The death last week of a 23-year-old Malaysian man from a faulty Takata airbag is the latest in a steadily increasing number of deaths attributed to the Japanese manufacturer in what is the greatest debacle and disasters in the automotive industry’s history.
To date more than 23 people have died world-wide from the defective safety device, with Pong Hou Tien being the seventh in Malaysia. All of the Malaysian deaths have occurred in Honda City’s.
His death comes in the wake of an additional one million cars being added to the list of vehicles needing Takata airbag replacements in Australia in the future, where more than four million cars are now affected.
Among those listed include the Mercedes-Benz C-Class, Toyota Yaris, Holden Cruze, Skoda Octavia, Volkswagen Golf, Audi A5, and Ford Mondeo. (See the new list of vehicles fitted with Takata airbags subject to recall in Australia here.)
|Malaysia to penalize owners who don’t replace Takata airbags AP Archive|
Globally more than 100 million vehicles are fitted with the deadly safety device, which some experts have described as a ticketing time bomb waiting to explode.
That the recall extends to vehicles dating back to 2004 is just the beginning of the problems facing vehicle manufacturers, a shortage of replacement parts and workshop time being others.
Additionally, in less developed countries poor vehicle ownership compliance, archaic record keeping, and a propensity for third-, fourth- or fifth-purchased vehicle owners to not use company service centres all combine to see the warning message fail to reach the ears of many owners.
According to Honda the company had sent 28 recall notices to Mr Pong after his 2004 Honda City was placed on a 2015 list of vehicles sold in Malaysia fitted with the potentially lethal Takata airbags. None of the recall notices had been received because the family had changed addresses and not updated their address with authorities.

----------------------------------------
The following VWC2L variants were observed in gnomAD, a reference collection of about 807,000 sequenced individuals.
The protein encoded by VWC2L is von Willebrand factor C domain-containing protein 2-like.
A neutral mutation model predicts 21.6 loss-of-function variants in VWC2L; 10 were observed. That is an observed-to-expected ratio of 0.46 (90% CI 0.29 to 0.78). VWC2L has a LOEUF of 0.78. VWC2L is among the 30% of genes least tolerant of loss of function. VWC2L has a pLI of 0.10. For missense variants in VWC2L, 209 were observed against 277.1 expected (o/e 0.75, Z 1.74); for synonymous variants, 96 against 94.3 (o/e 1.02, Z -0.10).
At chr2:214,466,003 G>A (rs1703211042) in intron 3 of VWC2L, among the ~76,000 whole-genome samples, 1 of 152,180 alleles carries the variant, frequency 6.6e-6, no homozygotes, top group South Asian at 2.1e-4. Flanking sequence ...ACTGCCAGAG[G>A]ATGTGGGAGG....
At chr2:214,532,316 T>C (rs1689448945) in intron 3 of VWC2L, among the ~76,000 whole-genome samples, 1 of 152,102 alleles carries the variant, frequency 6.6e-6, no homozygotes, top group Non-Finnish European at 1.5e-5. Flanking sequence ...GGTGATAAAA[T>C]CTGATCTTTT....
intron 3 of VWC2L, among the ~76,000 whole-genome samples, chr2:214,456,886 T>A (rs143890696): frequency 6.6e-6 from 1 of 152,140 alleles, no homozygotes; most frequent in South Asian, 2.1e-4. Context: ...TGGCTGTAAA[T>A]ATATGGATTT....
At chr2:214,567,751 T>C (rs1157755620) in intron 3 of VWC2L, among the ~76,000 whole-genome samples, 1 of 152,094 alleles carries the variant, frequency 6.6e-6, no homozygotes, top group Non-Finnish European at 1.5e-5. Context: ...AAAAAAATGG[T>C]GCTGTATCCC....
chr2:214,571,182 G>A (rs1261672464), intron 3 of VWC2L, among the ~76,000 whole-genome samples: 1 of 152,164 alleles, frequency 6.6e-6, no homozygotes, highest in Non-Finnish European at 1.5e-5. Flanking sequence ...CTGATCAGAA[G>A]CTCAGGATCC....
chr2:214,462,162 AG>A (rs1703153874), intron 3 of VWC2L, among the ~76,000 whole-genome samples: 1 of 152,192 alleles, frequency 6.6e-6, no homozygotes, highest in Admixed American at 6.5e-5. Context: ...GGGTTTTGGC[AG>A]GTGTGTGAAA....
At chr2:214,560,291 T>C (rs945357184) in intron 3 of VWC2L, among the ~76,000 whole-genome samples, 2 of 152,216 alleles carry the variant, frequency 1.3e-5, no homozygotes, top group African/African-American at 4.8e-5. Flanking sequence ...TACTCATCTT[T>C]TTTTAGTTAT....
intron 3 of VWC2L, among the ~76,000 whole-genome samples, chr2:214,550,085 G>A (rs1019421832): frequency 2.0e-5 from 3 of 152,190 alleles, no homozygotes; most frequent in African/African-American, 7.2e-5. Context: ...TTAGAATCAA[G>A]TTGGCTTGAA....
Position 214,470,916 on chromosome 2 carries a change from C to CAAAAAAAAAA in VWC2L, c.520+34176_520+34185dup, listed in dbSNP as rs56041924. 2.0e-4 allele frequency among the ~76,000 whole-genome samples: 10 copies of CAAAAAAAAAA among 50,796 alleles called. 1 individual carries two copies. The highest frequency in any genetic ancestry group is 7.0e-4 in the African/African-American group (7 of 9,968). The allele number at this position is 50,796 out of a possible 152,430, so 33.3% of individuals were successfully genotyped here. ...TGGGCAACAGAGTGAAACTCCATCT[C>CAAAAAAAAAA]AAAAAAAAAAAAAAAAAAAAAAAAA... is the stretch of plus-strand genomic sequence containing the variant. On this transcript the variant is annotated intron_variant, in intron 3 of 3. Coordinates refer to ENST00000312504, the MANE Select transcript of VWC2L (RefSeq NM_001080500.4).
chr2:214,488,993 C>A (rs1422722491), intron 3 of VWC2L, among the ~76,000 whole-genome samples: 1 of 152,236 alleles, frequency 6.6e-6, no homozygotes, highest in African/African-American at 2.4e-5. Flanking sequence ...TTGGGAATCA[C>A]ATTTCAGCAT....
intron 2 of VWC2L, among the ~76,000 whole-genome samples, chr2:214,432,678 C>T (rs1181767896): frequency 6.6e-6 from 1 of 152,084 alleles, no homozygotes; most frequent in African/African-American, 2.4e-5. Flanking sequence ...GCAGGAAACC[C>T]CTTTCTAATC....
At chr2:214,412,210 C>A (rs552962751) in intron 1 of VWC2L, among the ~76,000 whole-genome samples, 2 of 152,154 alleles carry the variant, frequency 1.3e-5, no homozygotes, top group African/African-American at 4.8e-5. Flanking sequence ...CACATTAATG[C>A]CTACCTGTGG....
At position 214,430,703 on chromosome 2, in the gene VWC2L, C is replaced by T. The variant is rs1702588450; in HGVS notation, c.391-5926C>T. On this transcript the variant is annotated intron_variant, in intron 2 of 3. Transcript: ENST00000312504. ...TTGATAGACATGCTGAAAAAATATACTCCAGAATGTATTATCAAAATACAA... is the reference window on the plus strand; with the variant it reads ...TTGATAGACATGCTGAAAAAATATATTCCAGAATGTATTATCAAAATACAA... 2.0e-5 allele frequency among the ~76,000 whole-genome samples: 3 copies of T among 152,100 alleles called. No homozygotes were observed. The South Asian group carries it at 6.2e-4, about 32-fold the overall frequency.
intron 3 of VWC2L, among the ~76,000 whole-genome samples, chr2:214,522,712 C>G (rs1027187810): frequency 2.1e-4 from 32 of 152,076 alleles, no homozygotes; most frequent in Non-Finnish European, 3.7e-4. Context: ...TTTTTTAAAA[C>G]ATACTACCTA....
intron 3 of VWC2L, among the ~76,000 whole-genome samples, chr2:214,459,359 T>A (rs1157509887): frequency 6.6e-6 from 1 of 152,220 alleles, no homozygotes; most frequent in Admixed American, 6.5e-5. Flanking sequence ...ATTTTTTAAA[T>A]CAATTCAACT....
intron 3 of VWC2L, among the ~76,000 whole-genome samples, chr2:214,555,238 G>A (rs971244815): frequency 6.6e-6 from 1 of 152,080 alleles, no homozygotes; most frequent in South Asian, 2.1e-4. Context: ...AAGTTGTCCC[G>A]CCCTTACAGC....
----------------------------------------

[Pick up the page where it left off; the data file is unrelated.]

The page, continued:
Displeased with yet another death caused by the deadly airbags, the Malaysian government has issued a directive to impose penalties on car owners who fail to replace their faulty Takata airbags effective from June 4.
The decision came after it was revealed that some 71,315 vehicles on Malaysia’s recall list of 332,458 Takata airbag-fitted vehicles have yet to comply with the order to replace the faulty devices. Under the new regulations vehicle owners who fail to replace their recalled Takata airbags will not be able to renew their vehicle’s road tax until they have done so.
In response to the latest death Malaysian Minister of Transport, Anthony Loke, said the Road Transport Department (RTD) will work with insurance companies to track down such owners who have not updated their address with authorities.
Feature photo AEC News Today Digital
- Malaysia to penalise owners who don’t replace Takata airbags (Bangkok Post)
- Malaysia to impose penalties on drivers with recalled Takata airbags (PBS News Hour)
- Honda Malaysia issues recall for 28,399 units of 2013 year models (The Star Online)
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